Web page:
# 3.1: Separation of group I cations

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Selective precipitation of a set of group I, i.e., lead(II) ($$\ce{Pb^{2+}}$$), mercury(I) ($$\ce{Hg2^{2+}}$$), and silver(I) ($$\ce{Ag^{+}}$$) is based on soluble ions rule#3 in the solubility guidelines in section 1.1 which states "Salts of chloride ($$\ce{Cl^{-}}$$), bromide ( $$\ce{Br^{-}}$$), and Iodide ( $$\ce{I^{-}}$$) are soluble, except when the cation is Lead ( $$\ce{Pb^{2+}}$$), Mercury ( $$\ce{Hg2^{2+}}$$), or Silver ( $$\ce{Ag^{+}}$$). The best source of $$\ce{Cl^{-}}$$ for precipitating group 1 cations from a test solution is $$\ce{HCl}$$, because it is a strong acid that completely dissociates in water producing $$\ce{Cl^{-}}$$ and $$\ce{H3O^{+}}$$ ions, both do not get involved in any undesired reactions under the conditions.

The $$\ce{K_{sp}}$$ expression is used to calculate $$\ce{Cl^{-}}$$ that will be sufficient to precipitate group 1 cations. The molar concentration of chloride ions i.e., [$$\ce{Cl^{-}}$$], in moles/liter in a saturated solution of the ionic compound can be calculated by rearranging their respective $$\ce{K_{sp}}$$ expression. For example, for $$\ce{AgCl}$$ solution, $$\mathrm{K}_{\mathrm{sp}}=\left[\mathrm{Ag}^{+}\right]\left[\mathrm{Cl}^{-}\right]$$ rearranges to:

$\left[\mathrm{Cl}^{-}\right]=K_{s p} /\left[\mathrm{Ag}^{+}\right]\nonumber$

and for $$\ce{PbCl2}$$ solution, Ksp = [Pb2+][Cl-]2 rearranges to:

$\left[C l^{-}\right]=\sqrt{K_{s p} /\left[P b^{2+}\right]}\nonumber$

The concentration of ions in the unknown sample are ~0.1 M. Plugging in 0.1M value for $$\ce{Pb^{2+}}$$ in the above equation shows that [$$\ce{Cl^{-}}$$] in a saturated solution having 0.1M $$\ce{Pb^{2+}}$$ is 1.3 x 10-2M:

$\left[C l^{-}\right]=\sqrt{K_{s p} /\left[P b^{2+}\right]}=\sqrt[2]{1.6 \times 10^{-5} / 0.1}=1.3 \times 10^{-2} \mathrm{M}\nonumber$

It means $$\ce{Cl^{-}}$$ concentration up to 1.3 x 10-2M will not cause precipitation from 0.1M $$\ce{Pb^{2+}}$$ solution. Increasing $$\ce{Cl^{-}}$$ above 0.013M will remove $$\ce{Pb^{2+}}$$ from the solution as a $$\ce{PbCl2}$$ precipitate. If 99.9% removal is desired, then 1.0 x 10-4 M $$\ce{Pb^{2+}}$$ will be left in the solution and the [$$\ce{Cl^{-}}$$] have to be raised to 0.40 M:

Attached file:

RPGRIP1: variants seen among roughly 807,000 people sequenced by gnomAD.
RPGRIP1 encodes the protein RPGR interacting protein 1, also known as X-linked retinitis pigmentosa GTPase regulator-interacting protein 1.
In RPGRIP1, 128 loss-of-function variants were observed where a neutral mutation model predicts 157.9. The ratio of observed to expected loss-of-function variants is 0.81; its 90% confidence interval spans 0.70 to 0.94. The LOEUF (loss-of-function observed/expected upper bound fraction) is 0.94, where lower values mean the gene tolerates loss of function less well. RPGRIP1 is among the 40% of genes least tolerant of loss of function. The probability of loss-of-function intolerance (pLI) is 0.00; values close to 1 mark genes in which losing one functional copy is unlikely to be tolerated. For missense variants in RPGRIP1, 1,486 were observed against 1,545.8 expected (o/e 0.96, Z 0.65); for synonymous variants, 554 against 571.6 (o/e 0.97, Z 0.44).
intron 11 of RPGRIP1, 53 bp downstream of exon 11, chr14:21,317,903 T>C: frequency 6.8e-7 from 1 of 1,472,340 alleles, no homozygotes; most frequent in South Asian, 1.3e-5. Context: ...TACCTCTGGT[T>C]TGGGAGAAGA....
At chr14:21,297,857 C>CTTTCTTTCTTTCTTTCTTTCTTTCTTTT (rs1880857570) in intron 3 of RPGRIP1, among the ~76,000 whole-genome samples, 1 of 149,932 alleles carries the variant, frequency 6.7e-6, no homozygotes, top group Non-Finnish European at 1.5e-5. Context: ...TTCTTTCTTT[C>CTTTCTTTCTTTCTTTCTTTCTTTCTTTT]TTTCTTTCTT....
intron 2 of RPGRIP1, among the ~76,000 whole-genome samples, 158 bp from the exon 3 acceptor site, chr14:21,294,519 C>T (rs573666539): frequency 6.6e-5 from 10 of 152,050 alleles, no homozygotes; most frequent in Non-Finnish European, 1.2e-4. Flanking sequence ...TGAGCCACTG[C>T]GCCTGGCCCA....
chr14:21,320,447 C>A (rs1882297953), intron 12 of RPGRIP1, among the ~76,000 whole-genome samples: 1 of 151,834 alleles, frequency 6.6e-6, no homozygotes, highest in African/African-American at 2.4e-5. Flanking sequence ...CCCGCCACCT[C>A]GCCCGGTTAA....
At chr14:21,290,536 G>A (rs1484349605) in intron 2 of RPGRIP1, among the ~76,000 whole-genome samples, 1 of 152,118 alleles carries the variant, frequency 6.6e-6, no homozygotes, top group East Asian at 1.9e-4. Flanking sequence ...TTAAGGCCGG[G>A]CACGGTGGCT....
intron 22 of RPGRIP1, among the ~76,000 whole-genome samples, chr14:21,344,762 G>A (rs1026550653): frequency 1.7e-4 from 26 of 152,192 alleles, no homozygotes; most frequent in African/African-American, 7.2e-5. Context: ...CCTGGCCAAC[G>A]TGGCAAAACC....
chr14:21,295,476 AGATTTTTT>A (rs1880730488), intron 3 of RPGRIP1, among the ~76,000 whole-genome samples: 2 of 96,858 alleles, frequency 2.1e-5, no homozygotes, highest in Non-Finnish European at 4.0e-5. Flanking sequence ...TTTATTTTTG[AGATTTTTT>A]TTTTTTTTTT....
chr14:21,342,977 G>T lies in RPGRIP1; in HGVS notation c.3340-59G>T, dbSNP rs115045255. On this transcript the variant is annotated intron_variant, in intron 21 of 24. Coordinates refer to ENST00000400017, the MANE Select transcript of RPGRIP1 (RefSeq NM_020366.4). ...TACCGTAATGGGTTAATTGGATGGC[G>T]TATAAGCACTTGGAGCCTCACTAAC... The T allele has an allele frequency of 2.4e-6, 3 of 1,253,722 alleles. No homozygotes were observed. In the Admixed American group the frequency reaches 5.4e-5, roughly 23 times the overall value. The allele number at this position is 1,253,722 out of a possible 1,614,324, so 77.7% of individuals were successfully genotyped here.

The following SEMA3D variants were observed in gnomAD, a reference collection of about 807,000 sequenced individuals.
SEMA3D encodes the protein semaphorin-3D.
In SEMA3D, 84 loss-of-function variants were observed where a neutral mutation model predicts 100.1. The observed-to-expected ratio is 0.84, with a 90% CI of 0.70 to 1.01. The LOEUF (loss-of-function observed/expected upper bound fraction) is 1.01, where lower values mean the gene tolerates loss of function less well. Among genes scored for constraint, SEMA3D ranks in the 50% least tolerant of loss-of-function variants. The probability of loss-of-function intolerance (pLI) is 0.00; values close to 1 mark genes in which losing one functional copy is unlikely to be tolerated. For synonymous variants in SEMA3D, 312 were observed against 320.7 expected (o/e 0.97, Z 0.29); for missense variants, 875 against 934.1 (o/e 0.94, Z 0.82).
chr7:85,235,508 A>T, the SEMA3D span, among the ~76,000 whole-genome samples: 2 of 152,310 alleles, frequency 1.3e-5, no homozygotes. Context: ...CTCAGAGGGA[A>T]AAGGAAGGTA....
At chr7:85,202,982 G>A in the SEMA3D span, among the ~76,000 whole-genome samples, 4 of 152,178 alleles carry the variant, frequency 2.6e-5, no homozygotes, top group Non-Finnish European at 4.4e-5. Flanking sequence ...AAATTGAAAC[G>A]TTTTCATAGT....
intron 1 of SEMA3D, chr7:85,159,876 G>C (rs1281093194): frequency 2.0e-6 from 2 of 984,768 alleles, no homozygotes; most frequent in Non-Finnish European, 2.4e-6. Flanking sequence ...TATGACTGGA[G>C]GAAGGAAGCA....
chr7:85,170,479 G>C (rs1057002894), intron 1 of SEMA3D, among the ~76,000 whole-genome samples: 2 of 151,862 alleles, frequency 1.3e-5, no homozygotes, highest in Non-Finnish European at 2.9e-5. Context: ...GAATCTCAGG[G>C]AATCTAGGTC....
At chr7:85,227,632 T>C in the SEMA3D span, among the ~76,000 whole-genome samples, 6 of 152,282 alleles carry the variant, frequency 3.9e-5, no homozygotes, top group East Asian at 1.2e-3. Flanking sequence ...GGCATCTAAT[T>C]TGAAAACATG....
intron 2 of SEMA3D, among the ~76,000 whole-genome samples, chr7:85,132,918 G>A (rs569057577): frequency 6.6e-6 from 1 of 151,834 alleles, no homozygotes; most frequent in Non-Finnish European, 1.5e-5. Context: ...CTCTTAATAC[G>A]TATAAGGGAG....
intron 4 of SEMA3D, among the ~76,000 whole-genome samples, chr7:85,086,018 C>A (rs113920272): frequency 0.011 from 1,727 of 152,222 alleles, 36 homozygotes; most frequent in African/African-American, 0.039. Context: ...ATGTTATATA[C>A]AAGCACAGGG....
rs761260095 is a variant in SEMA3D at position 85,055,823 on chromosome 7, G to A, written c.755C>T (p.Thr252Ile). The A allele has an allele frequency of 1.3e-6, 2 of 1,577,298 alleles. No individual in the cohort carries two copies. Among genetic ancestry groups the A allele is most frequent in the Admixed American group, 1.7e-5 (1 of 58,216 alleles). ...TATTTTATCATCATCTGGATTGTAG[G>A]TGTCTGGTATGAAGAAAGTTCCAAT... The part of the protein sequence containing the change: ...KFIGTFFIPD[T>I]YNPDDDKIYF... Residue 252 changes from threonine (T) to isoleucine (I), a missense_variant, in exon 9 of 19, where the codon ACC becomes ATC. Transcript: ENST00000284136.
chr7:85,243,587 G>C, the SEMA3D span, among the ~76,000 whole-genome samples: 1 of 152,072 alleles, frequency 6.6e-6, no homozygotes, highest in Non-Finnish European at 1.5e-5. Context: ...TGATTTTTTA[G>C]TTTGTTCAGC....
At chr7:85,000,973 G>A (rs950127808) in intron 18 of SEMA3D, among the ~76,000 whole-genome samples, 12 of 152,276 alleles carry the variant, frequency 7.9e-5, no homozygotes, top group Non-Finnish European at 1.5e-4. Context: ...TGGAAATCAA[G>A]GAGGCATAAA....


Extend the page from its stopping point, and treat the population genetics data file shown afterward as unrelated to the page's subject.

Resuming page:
$\left[C l^{-}\right]=\sqrt[2]{K_{s p} /\left[P b^{2+}\right]}=\sqrt[2]{1.6 \times 10^{-5} / 1.0 \times 10^{-4}}=0.40 \mathrm{M}\nonumber$

The solubility of $$\ce{Hg2Cl2}$$ and $$\ce{AgCl}$$ is less than that of $$\ce{PbCl2}$$. So, a 0.40M $$\ce{Cl^{-}}$$ will remove more than 99.9% of $$\ce{Hg2^{2+}}$$ and $$\ce{Ag^{+}}$$ from the solution.

A sample of 20 drops of the aqueous solution is about 1 mL. In these experiments, ~15 drops of the test solution are collected in a test tube and 3 to 4 drops of 6M $$\ce{HCl}$$ are mixed with the solution. This results in about 0.9 mL total solution containing 1 to 1.3 M $$\ce{Cl^{-}}$$, which is more than twice the concentration needed to precipitate out 99.9% of group 1 cations.

A concentrated reagent (6M $$\ce{HCl}$$) is used to minimize the dilution of the test sample because the solution is centrifuged and the supernatant that is separated by decantation is used to analyze the remaining cations. A 12M $$\ce{HCl}$$ is available, but it is not used because it is a more hazardous reagent due to being more concentrated strong acid and also because if $$\ce{Cl^{-}}$$ concentration is raised to 5M or higher in the test solution, it can re-dissolve $$\ce{AgCl}$$, by forming water-soluble [$$\ce{AgCl2}$$]- complex ion.

The addition of $$\ce{HCl}$$ causes precipitation of group 1 cation as milky white suspension as shown in Figure $$\PageIndex{1}$$ and by chemical reaction equations below. The precipitates can be separated by gravity filtration, but more effective separation can be achieved by subjecting the suspension to centrifuge in a test tube. Centrifugal force forces the solid suspension to settle and pack at the bottom of the test tube from which the clear solution, called supernatant, can be poured out -a process called decantation. The precipitate is resuspended in pure water by stirring with a clean glass rod, centrifuged, and decanted again to wash out any residual impurities. The washed precipitate is used to separate and confirm the group 1 cations and the supernatant is saved for analysis of group 2, 3, 4, and 5 cations.

$\ce{ Pb^{2+}(aq) + 2Cl^{-}(aq) <=> PbCl2(s)(v)}\nonumber$

$\ce{Hg2^{2+}(aq) + 2Cl^{-}(aq) <=> Hg2Cl2(s)(v)}\nonumber$

$\ce{ Ag^{+}(aq) + Cl^{-}(aq) <=> AgCl(s)(v)}\nonumber$

This page titled 3.1: Separation of group I cations is shared under a Public Domain license and was authored, remixed, and/or curated by Muhammad Arif Malik.